PayPal has more than 346 million active users on the platform. Merchants use it to help them collect payment for products and services. PayPal Subscription Payments later launched to allow merchants to set up recurring payments.
Creating PayPal recurring payments is actually quite simple. Once your account is properly set up, it’s as easy as creating a button you can put on your website or other marketing materials and direct potential customers to sign up. You’ll need a PayPal Terminal or Payments Pro account to set up recurring payments, and both of these have a $30 monthly fee.
- Under the “Tools” drop-down, select “Recurring payments.”
- From there, you’ll be able to create a recurring payment for a product or service as well as create that “Subscribe” button you can embed on your site. Whenever someone clicks that button, PayPal will request customer profile information from your new clients.
How to set up recurring payments on Stripe
Stripe is an online payment processor used by millions of businesses around the world. It has a focus on ecommerce but can also accommodate in-person payments. Stripe Billing allows merchants to set up recurring payments.
- Log in to Stripe Billing and select a product or service for which you want to enable recurring payments.
- Assign your product a pricing plan.
- Now you can subscribe a customer to that pricing plan. Any customers assigned to that pricing plan will be automatically sent a detailed email about their subscription plan.
Note, that with Stripe recurring payments you can also add setup fees and other charges on an ad hoc basis. Customers can choose to pay by ACH transfer as well as credit or debit cards and echecks, which provides them with more flexibility. And like PayPal, you can add a form embedded on your website or email so people can sign up natively (i.e. without being redirected to another site).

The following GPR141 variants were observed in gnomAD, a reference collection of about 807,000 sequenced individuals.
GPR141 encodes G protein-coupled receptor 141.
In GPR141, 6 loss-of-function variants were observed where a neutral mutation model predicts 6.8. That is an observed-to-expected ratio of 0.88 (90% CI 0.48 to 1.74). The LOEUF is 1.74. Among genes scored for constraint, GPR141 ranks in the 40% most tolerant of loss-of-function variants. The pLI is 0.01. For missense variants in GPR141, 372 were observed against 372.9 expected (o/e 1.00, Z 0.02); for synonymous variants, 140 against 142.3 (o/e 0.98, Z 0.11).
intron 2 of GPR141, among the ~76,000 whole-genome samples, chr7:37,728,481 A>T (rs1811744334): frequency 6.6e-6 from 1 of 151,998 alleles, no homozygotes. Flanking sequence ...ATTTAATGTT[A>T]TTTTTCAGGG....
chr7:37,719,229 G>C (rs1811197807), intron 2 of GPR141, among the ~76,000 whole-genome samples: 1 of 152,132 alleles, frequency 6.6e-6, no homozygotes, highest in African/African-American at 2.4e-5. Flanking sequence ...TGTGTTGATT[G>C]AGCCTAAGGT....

How to set up recurring payments on Square
Square offers in-person and online payment processing, along with a complete POS system. It’s a popular tool for merchants who sell in person. Here’s how to set up recurring payments with Square:
- From your dashboard, select the option to create an invoice.
- Hiy “Recurring” from the drop-down menu, where you’ll specify the frequency for the payments. From there, check “Automatic Payments” and customers with credit cards on file will be billed automatically.
- If the customer doesn’t have a card on file, you can select the option to “Allow customer to save their card.”
- At this point you’ll be able to complete the invoice with their information including any discounts you’d like to provide.
- Then select the schedule option to ensure your payments are set to recur on the right date.
How to set up recurring payments on Authorize.net
Authorize.net is a payment gateway provider that works with other tools and technologies to allow merchants to process credit card transactions. You can also use it to set up recurring payments. Here’s how:
- Log in to your merchant interface and under products and services, and click on automated recurring billing (ARB).
- Click on sign up for ARB at the bottom of the page.
- From here, you’ll be able to create new ARB subscriptions, integrate it with your website, view the status of your ARBs, as well as configure your email notifications and more.
How to set up Quickbooks recurring payments
- Log in to your account and navigate to Customers.
- Click on Credit Card Processing Activities and then Set Up Recurring Charges.
From here, you can add, edit, delete, pause, and manage customers’ recurring payments.
Recurring payments and your business
Recurring payments are a great way to generate recurring revenue and increase customer lifetime value. But you need payment processing technology that can make it happen automatically, so you’re not painstakingly processing payments each month by hand.
With Authorize.net and Payment Depot, you can set up recurring payments and get access to wholesale payment processing rates for one low monthly cost. Learn more >